All Flakpanzers based on the Panzer IV chassis were used to form special anti-aircraft tank platoons (Panzer Flak Zuge). These were used to equip primary Panzer Divisions of the Heer and Waffen SS, and in some cases given to special units. At first, these Panzer Flak Zuge were equipped with eight Möbelwagens. By the time the first Wirbelwinds were ready to be sent to the front, the Panzer Flak Zuge organization was changed to include four Wirbelwinds and four Möbelwagens. In February 1945, the Panzer Flak Zuge were divided into three groups (Ausfuhrung A, B, and C). The Panzer Flak Zuge Ausf.A was the standard unit which included four Wirbelwinds and four Möbelwagens. The Ausf.B was equipped with eight Wirbelwinds and the Ausf.C with eight Möbelwagens. By April 1945, this organization was changed to eight Ostwinds (similar to Wirbelwind but armed with 37 mm gun) and three Sd. Kfz. 7/1 half-tracks. Due to the war end and a low number of build Ostwinds, this reorganization was never truly implemented.

Front view of the Wirbelwind, this vehicle has bolted 30 mm armor on the front plate. Photo: SOURCE

In Combat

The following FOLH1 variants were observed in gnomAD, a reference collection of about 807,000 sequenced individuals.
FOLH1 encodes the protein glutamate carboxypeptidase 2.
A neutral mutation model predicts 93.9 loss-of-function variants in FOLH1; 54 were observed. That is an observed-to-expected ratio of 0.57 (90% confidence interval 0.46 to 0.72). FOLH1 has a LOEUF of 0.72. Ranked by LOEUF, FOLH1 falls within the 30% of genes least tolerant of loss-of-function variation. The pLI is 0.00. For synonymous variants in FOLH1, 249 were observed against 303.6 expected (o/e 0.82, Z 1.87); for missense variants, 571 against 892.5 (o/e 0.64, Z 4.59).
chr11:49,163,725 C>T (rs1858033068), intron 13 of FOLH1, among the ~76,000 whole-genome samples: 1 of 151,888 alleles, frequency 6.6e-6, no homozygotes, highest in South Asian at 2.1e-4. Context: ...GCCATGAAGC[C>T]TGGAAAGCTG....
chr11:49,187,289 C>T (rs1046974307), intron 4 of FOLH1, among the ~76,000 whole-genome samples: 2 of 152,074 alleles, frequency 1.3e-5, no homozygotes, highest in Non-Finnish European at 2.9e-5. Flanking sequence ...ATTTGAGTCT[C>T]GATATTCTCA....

During the war, a number of Panzer Flak Zuge with Wirbelwinds would be formed and used to equipped many German Panzer units which served on the Eastern or Western fronts until the end of the war. The units were equipped with a Zug of four (unless otherwise stated) Wirbelwinds were: 3rd Panzer Regiment (2nd Panzer Division) Western Front, 33rd Panzer Regiment (2nd Panzer Division) Western Front, 15th Panzer Regiment (11th Panzer Division) Western Front, II. Abteilung/Panzer-Regiment 39 (17th Panzer Division) had three – Eastern Front, StrumPz.Kpfw.Abteilung 217 had two – Western Front, Panzerjäger Abteilung 519 Western Front, Panzerjäger Abteilung 559 Western Front, Panzerjäger Abteilung 560 Western Front (Ardennes) later Eastern Front (Hungary), Panzerjäger Abteilung 653 Eastern Front, Panzerjäger Abteilung 654 had four (plus three replacements vehicles) Western Front, Panzerjäger Abteilung 655 Western Front (two companies) and possibly one company in Hungary, s.Pz.Abteilung 503 Eastern Front, s.Pz.Abteilung 506 Western Front, s.Pz.Abteilung 509 Eastern Front, 1st SS-Panzer Regiment from the 1st SS Panzer Division “Leibstandarte Adolf Hitler” Western front and from the January 1945 reposition to the Eastern front, 2nd SS-Panzer Regiment of the SS Panzer Division “Das Reich” (same as Leibstandarte Adolf Hitler), 12th SS Panzer Regiment 12th SS Panzer Division “Hitlerjugend” had four plus possibly up to three modified Panzer IV as Flakpanzers Western front until December 1944 when it was sent to the Eastern Front, SS Pz.Kpfw. Abteilung 17 from the 17th SS Panzergrenadier Division “Gotz von Berlichingen” Western front, s. SS Pz.Abteilung 501 Western front and from February 1945 Eastern front and the last was s. SS Pz.Abteilung 503 Eastern front.